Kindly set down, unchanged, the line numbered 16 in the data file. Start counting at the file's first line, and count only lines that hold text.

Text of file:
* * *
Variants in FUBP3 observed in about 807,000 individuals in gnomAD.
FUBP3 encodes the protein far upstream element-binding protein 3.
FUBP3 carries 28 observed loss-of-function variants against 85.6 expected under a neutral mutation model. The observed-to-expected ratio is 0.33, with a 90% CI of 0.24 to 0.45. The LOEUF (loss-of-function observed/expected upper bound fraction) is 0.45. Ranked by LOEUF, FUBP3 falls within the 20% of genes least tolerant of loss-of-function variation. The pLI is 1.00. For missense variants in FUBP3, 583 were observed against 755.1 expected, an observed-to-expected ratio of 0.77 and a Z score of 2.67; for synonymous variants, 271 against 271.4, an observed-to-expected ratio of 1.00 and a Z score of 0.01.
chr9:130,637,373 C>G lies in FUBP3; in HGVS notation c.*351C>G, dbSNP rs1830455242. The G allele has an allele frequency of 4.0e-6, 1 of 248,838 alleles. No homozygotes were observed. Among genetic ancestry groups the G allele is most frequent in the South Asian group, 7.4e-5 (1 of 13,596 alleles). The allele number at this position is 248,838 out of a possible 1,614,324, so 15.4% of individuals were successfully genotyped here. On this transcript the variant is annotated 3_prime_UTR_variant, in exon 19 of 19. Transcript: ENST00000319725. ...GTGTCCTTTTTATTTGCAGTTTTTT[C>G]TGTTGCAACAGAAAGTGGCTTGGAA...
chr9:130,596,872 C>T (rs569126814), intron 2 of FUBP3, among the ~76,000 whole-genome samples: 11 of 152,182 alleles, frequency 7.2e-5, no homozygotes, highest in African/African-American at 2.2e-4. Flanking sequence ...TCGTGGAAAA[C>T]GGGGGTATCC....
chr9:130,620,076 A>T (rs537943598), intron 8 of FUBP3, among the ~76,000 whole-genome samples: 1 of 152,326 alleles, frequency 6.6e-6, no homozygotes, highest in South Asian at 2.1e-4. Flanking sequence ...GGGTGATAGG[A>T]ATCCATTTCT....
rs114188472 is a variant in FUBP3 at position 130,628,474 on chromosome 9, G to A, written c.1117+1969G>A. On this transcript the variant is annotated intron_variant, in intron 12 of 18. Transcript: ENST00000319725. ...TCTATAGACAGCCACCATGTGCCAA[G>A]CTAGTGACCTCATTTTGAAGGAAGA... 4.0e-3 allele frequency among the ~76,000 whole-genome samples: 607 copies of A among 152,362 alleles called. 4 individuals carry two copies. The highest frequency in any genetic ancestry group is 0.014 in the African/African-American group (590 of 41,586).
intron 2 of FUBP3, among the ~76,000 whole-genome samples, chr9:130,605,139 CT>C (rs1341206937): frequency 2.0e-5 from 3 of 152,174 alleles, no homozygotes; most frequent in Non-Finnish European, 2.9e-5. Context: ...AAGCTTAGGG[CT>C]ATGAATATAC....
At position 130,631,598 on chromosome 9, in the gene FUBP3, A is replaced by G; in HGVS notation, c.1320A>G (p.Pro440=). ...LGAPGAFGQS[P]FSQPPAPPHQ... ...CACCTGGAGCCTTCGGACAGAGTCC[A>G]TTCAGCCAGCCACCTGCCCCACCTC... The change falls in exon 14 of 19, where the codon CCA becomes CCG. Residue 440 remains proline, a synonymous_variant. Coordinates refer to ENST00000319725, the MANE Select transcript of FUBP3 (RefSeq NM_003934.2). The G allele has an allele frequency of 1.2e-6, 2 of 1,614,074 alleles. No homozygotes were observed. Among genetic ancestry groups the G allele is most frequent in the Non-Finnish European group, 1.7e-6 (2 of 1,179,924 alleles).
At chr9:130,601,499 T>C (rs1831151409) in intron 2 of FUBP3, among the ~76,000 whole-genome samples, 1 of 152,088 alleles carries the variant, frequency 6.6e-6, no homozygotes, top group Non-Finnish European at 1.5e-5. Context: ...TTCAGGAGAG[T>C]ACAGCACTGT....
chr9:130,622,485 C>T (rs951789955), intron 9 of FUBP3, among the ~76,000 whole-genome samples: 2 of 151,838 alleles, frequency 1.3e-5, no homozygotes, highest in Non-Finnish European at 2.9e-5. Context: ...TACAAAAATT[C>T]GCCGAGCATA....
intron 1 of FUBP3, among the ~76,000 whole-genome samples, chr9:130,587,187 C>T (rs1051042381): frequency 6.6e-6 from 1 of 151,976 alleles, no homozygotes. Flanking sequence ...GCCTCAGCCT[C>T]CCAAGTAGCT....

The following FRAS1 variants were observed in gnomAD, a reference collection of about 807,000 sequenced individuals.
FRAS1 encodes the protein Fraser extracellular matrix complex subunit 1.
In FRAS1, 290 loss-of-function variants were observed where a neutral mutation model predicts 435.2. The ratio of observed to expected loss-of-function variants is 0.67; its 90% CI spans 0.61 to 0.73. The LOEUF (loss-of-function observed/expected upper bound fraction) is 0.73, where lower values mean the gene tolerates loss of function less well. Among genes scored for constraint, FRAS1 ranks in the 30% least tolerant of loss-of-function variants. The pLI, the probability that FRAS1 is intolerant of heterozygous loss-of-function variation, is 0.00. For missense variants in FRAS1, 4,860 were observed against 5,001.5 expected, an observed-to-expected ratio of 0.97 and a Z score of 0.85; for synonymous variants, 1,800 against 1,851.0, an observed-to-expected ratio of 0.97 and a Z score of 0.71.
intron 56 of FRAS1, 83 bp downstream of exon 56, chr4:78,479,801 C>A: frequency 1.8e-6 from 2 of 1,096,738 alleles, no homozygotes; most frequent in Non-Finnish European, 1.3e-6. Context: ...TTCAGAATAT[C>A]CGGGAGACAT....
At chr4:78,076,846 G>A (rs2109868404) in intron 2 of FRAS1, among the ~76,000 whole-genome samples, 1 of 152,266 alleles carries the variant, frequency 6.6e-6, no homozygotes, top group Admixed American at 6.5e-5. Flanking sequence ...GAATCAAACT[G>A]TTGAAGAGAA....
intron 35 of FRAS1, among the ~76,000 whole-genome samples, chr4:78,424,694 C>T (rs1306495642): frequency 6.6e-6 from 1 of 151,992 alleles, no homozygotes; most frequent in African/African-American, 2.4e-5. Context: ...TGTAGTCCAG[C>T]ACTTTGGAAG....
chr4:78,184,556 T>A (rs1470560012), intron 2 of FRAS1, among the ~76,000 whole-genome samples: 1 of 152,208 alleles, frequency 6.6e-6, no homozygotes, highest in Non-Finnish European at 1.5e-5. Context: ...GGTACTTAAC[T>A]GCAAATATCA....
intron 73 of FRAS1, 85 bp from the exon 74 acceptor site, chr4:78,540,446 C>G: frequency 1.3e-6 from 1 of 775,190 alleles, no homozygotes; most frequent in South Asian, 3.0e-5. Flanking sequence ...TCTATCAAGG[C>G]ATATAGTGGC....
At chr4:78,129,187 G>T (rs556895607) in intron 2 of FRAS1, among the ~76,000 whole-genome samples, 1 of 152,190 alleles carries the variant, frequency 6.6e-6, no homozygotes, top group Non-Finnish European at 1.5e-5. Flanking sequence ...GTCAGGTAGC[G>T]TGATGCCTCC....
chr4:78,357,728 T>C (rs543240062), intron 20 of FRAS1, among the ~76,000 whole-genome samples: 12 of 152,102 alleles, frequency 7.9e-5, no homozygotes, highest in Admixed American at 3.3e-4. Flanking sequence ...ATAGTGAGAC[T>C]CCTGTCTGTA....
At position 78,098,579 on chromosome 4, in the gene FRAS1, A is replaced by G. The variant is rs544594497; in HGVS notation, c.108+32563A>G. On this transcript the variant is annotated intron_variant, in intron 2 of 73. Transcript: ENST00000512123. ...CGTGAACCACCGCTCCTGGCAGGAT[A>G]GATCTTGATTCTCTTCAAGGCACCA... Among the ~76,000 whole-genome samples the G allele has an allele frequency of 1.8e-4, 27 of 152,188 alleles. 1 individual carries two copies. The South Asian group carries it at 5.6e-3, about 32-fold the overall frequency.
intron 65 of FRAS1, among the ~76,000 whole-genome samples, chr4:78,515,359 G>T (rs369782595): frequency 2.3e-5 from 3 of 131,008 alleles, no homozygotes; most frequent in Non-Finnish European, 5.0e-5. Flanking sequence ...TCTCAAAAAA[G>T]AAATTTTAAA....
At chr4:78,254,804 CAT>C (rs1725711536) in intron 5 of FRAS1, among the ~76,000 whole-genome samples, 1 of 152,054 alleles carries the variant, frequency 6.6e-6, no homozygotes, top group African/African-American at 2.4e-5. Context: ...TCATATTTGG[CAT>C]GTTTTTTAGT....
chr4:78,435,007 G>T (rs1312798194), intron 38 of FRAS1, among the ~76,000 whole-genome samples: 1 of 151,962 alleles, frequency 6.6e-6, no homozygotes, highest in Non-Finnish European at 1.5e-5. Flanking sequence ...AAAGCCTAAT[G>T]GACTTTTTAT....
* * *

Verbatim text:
intron 56 of FRAS1, 83 bp downstream of exon 56, chr4:78,479,801 C>A: frequency 1.8e-6 from 2 of 1,096,738 alleles, no homozygotes; most frequent in Non-Finnish European, 1.3e-6. Context: ...TTCAGAATAT[C>A]CGGGAGACAT....